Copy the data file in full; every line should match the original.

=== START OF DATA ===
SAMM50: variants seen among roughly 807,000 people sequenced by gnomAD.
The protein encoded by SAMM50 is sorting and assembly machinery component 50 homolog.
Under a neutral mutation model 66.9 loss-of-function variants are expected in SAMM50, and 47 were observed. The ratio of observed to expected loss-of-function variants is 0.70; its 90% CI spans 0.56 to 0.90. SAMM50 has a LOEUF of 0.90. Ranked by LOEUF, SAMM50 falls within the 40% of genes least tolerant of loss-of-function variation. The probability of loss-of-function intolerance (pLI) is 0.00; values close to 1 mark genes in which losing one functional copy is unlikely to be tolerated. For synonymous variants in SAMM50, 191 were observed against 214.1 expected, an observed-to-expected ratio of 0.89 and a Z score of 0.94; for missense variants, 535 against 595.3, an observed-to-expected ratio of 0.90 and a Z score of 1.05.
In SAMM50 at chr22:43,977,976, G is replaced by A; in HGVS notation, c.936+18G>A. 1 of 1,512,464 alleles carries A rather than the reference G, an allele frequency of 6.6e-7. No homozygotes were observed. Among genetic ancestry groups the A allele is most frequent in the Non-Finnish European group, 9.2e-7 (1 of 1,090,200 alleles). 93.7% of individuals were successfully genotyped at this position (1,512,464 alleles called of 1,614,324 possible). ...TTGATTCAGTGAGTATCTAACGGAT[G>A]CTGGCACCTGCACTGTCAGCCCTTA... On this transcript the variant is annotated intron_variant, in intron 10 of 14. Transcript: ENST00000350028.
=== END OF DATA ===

SAMM50: variants seen among roughly 807,000 people sequenced by gnomAD.
The protein encoded by SAMM50 is sorting and assembly machinery component 50 homolog.
Under a neutral mutation model 66.9 loss-of-function variants are expected in SAMM50, and 47 were observed. The ratio of observed to expected loss-of-function variants is 0.70; its 90% CI spans 0.56 to 0.90. SAMM50 has a LOEUF of 0.90. Ranked by LOEUF, SAMM50 falls within the 40% of genes least tolerant of loss-of-function variation. The probability of loss-of-function intolerance (pLI) is 0.00; values close to 1 mark genes in which losing one functional copy is unlikely to be tolerated. For synonymous variants in SAMM50, 191 were observed against 214.1 expected, an observed-to-expected ratio of 0.89 and a Z score of 0.94; for missense variants, 535 against 595.3, an observed-to-expected ratio of 0.90 and a Z score of 1.05.
In SAMM50 at chr22:43,977,976, G is replaced by A; in HGVS notation, c.936+18G>A. 1 of 1,512,464 alleles carries A rather than the reference G, an allele frequency of 6.6e-7. No homozygotes were observed. Among genetic ancestry groups the A allele is most frequent in the Non-Finnish European group, 9.2e-7 (1 of 1,090,200 alleles). 93.7% of individuals were successfully genotyped at this position (1,512,464 alleles called of 1,614,324 possible). ...TTGATTCAGTGAGTATCTAACGGAT[G>A]CTGGCACCTGCACTGTCAGCCCTTA... On this transcript the variant is annotated intron_variant, in intron 10 of 14. Transcript: ENST00000350028.